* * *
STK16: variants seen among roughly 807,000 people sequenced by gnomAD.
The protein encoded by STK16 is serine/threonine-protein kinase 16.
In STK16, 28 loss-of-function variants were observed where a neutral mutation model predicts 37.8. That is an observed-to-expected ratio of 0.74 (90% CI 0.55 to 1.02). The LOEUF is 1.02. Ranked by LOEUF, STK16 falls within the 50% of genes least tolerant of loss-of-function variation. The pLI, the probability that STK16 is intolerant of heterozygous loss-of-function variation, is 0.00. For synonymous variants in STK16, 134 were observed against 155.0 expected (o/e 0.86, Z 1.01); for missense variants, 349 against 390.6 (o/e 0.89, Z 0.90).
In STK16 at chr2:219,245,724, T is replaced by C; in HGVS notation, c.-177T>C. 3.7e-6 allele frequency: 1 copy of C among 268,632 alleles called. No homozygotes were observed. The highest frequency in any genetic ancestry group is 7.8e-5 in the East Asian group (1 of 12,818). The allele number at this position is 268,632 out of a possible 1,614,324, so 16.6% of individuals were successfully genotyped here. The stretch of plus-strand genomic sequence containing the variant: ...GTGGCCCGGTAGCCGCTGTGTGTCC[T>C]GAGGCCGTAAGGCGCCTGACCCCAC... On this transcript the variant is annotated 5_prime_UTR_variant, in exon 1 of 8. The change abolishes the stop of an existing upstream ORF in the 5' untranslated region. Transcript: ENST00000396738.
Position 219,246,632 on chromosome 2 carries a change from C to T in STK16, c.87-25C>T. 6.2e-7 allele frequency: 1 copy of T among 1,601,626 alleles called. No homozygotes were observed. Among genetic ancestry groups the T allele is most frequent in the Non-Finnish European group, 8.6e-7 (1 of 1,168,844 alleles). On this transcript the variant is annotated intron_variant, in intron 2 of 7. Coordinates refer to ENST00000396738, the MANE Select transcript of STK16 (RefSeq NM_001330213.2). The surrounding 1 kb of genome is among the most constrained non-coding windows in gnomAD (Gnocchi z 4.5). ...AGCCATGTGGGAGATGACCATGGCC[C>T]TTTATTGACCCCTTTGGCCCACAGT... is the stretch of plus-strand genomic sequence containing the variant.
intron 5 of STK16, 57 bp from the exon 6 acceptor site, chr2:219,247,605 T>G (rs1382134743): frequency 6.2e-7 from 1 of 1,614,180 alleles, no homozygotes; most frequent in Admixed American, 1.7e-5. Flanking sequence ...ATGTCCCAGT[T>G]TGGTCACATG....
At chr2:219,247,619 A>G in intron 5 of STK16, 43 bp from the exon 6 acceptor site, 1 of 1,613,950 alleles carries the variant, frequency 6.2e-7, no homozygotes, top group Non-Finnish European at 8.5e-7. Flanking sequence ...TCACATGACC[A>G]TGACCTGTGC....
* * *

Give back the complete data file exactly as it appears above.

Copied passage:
STK16: variants seen among roughly 807,000 people sequenced by gnomAD.
The protein encoded by STK16 is serine/threonine-protein kinase 16.
In STK16, 28 loss-of-function variants were observed where a neutral mutation model predicts 37.8. That is an observed-to-expected ratio of 0.74 (90% CI 0.55 to 1.02). The LOEUF is 1.02. Ranked by LOEUF, STK16 falls within the 50% of genes least tolerant of loss-of-function variation. The pLI, the probability that STK16 is intolerant of heterozygous loss-of-function variation, is 0.00. For synonymous variants in STK16, 134 were observed against 155.0 expected (o/e 0.86, Z 1.01); for missense variants, 349 against 390.6 (o/e 0.89, Z 0.90).
In STK16 at chr2:219,245,724, T is replaced by C; in HGVS notation, c.-177T>C. 3.7e-6 allele frequency: 1 copy of C among 268,632 alleles called. No homozygotes were observed. The highest frequency in any genetic ancestry group is 7.8e-5 in the East Asian group (1 of 12,818). The allele number at this position is 268,632 out of a possible 1,614,324, so 16.6% of individuals were successfully genotyped here. The stretch of plus-strand genomic sequence containing the variant: ...GTGGCCCGGTAGCCGCTGTGTGTCC[T>C]GAGGCCGTAAGGCGCCTGACCCCAC... On this transcript the variant is annotated 5_prime_UTR_variant, in exon 1 of 8. The change abolishes the stop of an existing upstream ORF in the 5' untranslated region. Transcript: ENST00000396738.
Position 219,246,632 on chromosome 2 carries a change from C to T in STK16, c.87-25C>T. 6.2e-7 allele frequency: 1 copy of T among 1,601,626 alleles called. No homozygotes were observed. Among genetic ancestry groups the T allele is most frequent in the Non-Finnish European group, 8.6e-7 (1 of 1,168,844 alleles). On this transcript the variant is annotated intron_variant, in intron 2 of 7. Coordinates refer to ENST00000396738, the MANE Select transcript of STK16 (RefSeq NM_001330213.2). The surrounding 1 kb of genome is among the most constrained non-coding windows in gnomAD (Gnocchi z 4.5). ...AGCCATGTGGGAGATGACCATGGCC[C>T]TTTATTGACCCCTTTGGCCCACAGT... is the stretch of plus-strand genomic sequence containing the variant.
intron 5 of STK16, 57 bp from the exon 6 acceptor site, chr2:219,247,605 T>G (rs1382134743): frequency 6.2e-7 from 1 of 1,614,180 alleles, no homozygotes; most frequent in Admixed American, 1.7e-5. Flanking sequence ...ATGTCCCAGT[T>G]TGGTCACATG....
At chr2:219,247,619 A>G in intron 5 of STK16, 43 bp from the exon 6 acceptor site, 1 of 1,613,950 alleles carries the variant, frequency 6.2e-7, no homozygotes, top group Non-Finnish European at 8.5e-7. Flanking sequence ...TCACATGACC[A>G]TGACCTGTGC....